• Summary
  • Contents
  • Subject index

Thoughtful Health Care offers a timely antidote to a climate dominated by endless rules, regulations, mission statements, and codes of practice. Fixation on avoiding risk at all costs has created a checkbox culture where everyone is treated according to standardized plans. Yet, people are complicated, and cannot be understood disconnected from the complex histories, values, and environments that shape us. Obsessive focus on “safety first” has obscured this reality and drastically undervalued critical thinking and insightful practice. David Seedhouse explains how simplistic labeling, mindless targets and empty slogans have created a delusion of control and efficiency, obscuring actual patient and carer realities. Using thought-provoking examples from health care and beyond, the book advocates the restoration of thoughtfulness, creativity, and independence in health work. By reading this book, students and practitioners alike will be aided in developing their decision making and critical thinking skills, and ultimately serve those in their care better and with more honesty. The book ends with a powerful and practical toolkit that can be used thoughtfully and effectively by every open-minded health worker. Thoughtful Health Care is for any health worker committed to caring with ethical awareness and practical sensitivity.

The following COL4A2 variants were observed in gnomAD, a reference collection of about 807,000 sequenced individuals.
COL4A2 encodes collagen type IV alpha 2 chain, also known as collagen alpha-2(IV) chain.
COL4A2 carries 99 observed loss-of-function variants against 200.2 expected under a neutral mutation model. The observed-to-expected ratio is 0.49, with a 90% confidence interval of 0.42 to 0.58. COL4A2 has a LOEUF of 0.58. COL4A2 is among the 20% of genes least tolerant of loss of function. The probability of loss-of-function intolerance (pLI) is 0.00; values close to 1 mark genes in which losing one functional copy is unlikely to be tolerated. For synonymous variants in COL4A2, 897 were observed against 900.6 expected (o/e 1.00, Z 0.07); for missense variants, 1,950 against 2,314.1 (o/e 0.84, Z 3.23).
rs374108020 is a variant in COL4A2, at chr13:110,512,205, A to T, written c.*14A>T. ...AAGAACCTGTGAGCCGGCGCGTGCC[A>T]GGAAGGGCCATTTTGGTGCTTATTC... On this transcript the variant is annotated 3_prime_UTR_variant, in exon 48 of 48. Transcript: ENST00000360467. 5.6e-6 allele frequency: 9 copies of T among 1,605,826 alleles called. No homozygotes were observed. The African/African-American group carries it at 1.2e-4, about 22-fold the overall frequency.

The Values Delusion
The Values Delusion
The Official View of Values

There’s a widely accepted view of values, shared across many sectors of society, which goes something like this.

  • Values can be clearly differentiated from each other.
  • Values can be held and exhibited both by individuals and organisations.
  • Values can be clearly identified as consistent drivers of individual and organisational behaviours.
  • Values expressed as single words are understood in the same way by everyone who reads or hears them.
  • Lists of different values – often known as ‘values statements’ – can consistently guide the actions of individuals and organisations.
  • People can and should be recruited according to their values.
  • If an organisation professes the right values, it will make the right decisions.
  • Lists of values help us tell the difference between right and wrong.

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